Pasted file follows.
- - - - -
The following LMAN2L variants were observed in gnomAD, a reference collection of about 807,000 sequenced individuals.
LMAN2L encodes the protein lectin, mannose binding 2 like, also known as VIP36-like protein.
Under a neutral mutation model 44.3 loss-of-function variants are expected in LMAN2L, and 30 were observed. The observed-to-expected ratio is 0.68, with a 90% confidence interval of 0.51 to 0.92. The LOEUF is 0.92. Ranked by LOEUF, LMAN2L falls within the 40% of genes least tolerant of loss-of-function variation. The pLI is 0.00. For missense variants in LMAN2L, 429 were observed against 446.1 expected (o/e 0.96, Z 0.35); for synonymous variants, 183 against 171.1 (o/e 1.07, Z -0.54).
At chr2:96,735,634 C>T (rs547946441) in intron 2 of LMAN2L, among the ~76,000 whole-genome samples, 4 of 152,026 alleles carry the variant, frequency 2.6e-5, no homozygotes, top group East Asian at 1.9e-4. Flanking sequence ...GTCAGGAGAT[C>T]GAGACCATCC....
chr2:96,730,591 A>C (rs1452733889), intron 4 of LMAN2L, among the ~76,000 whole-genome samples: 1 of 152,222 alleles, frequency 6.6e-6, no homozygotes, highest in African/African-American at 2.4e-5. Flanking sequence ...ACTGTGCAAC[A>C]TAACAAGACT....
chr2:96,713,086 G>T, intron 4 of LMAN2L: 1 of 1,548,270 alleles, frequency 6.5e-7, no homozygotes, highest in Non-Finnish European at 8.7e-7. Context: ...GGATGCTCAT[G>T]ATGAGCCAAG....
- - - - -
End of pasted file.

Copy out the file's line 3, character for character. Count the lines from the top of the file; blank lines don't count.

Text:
Under a neutral mutation model 44.3 loss-of-function variants are expected in LMAN2L, and 30 were observed. The observed-to-expected ratio is 0.68, with a 90% confidence interval of 0.51 to 0.92. The LOEUF is 0.92. Ranked by LOEUF, LMAN2L falls within the 40% of genes least tolerant of loss-of-function variation. The pLI is 0.00. For missense variants in LMAN2L, 429 were observed against 446.1 expected (o/e 0.96, Z 0.35); for synonymous variants, 183 against 171.1 (o/e 1.07, Z -0.54).